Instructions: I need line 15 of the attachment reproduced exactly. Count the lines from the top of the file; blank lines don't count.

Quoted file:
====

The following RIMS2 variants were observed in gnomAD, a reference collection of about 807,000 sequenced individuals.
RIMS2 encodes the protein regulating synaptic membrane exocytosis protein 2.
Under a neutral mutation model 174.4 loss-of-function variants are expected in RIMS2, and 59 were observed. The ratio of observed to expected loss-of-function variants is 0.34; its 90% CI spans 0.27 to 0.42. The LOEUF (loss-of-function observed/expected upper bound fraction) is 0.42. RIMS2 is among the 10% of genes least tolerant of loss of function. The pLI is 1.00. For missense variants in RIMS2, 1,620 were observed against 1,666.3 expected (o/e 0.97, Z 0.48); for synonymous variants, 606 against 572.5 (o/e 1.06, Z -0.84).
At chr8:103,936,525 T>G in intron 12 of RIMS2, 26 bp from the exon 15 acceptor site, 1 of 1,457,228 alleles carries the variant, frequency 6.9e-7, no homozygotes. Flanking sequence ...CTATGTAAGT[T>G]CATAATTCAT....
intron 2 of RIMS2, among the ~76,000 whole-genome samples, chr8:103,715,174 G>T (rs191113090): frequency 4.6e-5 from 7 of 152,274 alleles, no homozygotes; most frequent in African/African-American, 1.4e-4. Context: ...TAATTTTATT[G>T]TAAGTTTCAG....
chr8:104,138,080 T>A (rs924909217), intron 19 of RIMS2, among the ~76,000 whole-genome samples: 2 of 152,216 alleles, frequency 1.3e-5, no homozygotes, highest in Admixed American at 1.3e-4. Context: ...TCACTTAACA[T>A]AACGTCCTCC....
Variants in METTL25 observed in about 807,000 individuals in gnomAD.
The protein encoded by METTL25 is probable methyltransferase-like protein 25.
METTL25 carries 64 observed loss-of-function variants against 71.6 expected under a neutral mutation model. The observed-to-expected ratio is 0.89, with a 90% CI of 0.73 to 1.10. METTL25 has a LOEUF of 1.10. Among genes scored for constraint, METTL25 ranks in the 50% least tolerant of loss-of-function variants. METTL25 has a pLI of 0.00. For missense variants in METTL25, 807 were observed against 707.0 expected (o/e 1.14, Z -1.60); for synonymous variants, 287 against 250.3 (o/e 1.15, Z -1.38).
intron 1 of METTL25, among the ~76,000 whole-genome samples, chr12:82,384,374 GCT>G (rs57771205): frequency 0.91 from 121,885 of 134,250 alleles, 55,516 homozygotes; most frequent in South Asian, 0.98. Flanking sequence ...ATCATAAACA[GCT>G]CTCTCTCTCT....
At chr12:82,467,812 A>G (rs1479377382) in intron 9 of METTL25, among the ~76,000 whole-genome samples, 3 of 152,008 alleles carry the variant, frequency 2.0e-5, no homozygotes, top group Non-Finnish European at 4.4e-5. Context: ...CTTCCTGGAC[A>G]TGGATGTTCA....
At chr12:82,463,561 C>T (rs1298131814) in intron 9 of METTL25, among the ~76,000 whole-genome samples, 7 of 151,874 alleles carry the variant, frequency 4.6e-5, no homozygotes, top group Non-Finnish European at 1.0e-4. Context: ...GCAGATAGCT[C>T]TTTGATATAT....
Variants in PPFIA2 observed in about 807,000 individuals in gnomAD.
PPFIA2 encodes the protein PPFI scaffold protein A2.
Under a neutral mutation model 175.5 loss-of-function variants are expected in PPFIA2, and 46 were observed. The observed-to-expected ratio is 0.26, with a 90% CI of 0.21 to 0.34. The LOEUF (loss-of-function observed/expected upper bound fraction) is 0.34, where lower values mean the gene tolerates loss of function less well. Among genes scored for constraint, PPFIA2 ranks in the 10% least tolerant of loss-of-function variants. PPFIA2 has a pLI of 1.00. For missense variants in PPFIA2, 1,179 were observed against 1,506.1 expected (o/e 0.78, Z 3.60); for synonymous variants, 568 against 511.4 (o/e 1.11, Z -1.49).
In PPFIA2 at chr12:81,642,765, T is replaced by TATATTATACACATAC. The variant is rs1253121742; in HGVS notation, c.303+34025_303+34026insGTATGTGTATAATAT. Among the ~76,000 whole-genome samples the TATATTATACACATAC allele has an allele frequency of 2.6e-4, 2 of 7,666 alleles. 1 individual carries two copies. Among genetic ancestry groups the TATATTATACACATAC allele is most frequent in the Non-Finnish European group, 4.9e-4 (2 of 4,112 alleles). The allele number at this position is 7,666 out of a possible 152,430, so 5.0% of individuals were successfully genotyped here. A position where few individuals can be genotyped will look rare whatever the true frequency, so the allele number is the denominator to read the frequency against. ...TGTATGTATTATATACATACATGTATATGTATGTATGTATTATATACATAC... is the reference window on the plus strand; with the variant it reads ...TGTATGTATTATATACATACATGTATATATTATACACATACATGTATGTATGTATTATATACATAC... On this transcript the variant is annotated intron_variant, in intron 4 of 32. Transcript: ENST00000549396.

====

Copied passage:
Under a neutral mutation model 175.5 loss-of-function variants are expected in PPFIA2, and 46 were observed. The observed-to-expected ratio is 0.26, with a 90% CI of 0.21 to 0.34. The LOEUF (loss-of-function observed/expected upper bound fraction) is 0.34, where lower values mean the gene tolerates loss of function less well. Among genes scored for constraint, PPFIA2 ranks in the 10% least tolerant of loss-of-function variants. PPFIA2 has a pLI of 1.00. For missense variants in PPFIA2, 1,179 were observed against 1,506.1 expected (o/e 0.78, Z 3.60); for synonymous variants, 568 against 511.4 (o/e 1.11, Z -1.49).